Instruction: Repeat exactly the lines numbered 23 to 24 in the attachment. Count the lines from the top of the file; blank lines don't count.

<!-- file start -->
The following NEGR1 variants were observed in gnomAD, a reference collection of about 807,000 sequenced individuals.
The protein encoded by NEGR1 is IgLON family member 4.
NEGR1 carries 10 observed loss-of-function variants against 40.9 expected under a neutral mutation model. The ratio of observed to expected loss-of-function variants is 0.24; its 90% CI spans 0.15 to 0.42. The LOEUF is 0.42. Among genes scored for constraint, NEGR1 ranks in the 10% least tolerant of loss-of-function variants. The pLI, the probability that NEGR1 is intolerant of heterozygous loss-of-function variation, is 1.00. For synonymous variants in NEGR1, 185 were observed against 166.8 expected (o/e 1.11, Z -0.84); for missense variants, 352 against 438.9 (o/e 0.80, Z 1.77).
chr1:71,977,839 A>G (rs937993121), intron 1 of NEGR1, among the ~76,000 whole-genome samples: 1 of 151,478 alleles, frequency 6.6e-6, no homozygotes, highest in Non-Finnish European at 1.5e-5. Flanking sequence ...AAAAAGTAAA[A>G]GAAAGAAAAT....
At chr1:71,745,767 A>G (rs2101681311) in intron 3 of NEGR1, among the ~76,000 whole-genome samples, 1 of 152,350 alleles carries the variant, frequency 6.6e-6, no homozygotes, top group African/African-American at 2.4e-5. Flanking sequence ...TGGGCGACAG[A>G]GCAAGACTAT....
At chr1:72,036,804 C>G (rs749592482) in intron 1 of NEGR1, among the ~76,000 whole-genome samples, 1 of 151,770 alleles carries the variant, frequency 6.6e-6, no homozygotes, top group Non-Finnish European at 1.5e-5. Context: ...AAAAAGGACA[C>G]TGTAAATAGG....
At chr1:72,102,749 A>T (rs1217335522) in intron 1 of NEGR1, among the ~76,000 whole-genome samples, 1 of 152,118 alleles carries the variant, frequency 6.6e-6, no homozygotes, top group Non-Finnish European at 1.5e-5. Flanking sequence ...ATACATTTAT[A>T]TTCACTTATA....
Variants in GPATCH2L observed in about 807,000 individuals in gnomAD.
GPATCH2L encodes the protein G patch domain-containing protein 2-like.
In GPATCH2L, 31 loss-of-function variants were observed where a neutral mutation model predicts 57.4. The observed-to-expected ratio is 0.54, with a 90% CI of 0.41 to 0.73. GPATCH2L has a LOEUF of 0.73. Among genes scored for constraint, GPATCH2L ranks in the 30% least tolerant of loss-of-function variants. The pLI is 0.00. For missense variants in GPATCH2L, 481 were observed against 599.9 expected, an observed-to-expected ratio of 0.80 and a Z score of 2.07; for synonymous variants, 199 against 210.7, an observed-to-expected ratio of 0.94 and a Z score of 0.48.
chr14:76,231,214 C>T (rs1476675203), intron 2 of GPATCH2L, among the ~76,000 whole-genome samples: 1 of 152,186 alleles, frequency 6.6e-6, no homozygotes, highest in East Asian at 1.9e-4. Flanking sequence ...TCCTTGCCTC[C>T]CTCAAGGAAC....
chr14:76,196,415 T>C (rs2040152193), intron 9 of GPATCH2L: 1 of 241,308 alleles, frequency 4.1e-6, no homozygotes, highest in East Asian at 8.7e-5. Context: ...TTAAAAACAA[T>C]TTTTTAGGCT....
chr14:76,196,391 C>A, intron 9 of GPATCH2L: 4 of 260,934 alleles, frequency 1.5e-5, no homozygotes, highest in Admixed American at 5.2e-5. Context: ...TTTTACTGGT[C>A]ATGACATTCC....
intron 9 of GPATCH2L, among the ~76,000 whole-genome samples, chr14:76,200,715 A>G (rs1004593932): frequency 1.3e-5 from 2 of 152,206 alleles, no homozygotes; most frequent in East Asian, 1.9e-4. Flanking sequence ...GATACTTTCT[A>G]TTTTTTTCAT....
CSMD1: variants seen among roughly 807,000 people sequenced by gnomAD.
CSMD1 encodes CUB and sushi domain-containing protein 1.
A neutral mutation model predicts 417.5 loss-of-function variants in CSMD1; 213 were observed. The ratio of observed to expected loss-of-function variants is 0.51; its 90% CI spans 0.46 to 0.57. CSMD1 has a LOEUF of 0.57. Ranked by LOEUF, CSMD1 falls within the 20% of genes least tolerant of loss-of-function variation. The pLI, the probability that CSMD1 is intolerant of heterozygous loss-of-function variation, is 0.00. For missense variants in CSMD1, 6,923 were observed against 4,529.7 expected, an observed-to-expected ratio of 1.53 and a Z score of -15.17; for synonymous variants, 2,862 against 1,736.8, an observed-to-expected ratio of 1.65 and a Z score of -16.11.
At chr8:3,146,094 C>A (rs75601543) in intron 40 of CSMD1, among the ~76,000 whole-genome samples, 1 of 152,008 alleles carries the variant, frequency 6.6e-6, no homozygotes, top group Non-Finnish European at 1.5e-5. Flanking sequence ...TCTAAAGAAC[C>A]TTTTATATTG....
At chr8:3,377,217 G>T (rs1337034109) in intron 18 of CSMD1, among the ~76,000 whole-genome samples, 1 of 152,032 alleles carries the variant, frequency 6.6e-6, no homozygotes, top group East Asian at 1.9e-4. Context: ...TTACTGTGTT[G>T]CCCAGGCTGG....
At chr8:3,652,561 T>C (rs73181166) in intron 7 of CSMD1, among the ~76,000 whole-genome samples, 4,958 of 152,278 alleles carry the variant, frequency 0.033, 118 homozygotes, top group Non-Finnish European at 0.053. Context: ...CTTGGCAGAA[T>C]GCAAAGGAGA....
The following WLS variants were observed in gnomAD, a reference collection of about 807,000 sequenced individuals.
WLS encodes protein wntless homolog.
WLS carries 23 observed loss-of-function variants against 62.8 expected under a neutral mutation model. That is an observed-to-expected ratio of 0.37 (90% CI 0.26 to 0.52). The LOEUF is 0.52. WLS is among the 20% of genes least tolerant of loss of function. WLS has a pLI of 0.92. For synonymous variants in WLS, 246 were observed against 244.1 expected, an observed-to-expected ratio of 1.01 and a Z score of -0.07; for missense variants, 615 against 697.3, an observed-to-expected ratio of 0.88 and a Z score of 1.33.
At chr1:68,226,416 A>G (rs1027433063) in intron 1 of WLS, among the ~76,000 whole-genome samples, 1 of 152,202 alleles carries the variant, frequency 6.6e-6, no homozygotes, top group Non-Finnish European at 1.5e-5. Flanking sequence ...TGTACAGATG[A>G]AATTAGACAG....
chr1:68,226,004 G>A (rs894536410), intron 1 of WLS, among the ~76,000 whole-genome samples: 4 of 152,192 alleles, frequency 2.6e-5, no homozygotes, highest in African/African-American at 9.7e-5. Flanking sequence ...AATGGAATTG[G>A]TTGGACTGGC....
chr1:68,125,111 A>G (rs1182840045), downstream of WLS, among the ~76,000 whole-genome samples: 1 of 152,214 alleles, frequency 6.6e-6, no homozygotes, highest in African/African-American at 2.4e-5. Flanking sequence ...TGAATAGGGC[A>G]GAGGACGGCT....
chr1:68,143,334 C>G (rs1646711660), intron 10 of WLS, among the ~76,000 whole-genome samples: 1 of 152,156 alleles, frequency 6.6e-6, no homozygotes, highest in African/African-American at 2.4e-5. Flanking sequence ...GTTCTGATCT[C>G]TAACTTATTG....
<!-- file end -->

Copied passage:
WLS carries 23 observed loss-of-function variants against 62.8 expected under a neutral mutation model. That is an observed-to-expected ratio of 0.37 (90% CI 0.26 to 0.52). The LOEUF is 0.52. WLS is among the 20% of genes least tolerant of loss of function. WLS has a pLI of 0.92. For synonymous variants in WLS, 246 were observed against 244.1 expected, an observed-to-expected ratio of 1.01 and a Z score of -0.07; for missense variants, 615 against 697.3, an observed-to-expected ratio of 0.88 and a Z score of 1.33.
At chr1:68,226,416 A>G (rs1027433063) in intron 1 of WLS, among the ~76,000 whole-genome samples, 1 of 152,202 alleles carries the variant, frequency 6.6e-6, no homozygotes, top group Non-Finnish European at 1.5e-5. Flanking sequence ...TGTACAGATG[A>G]AATTAGACAG....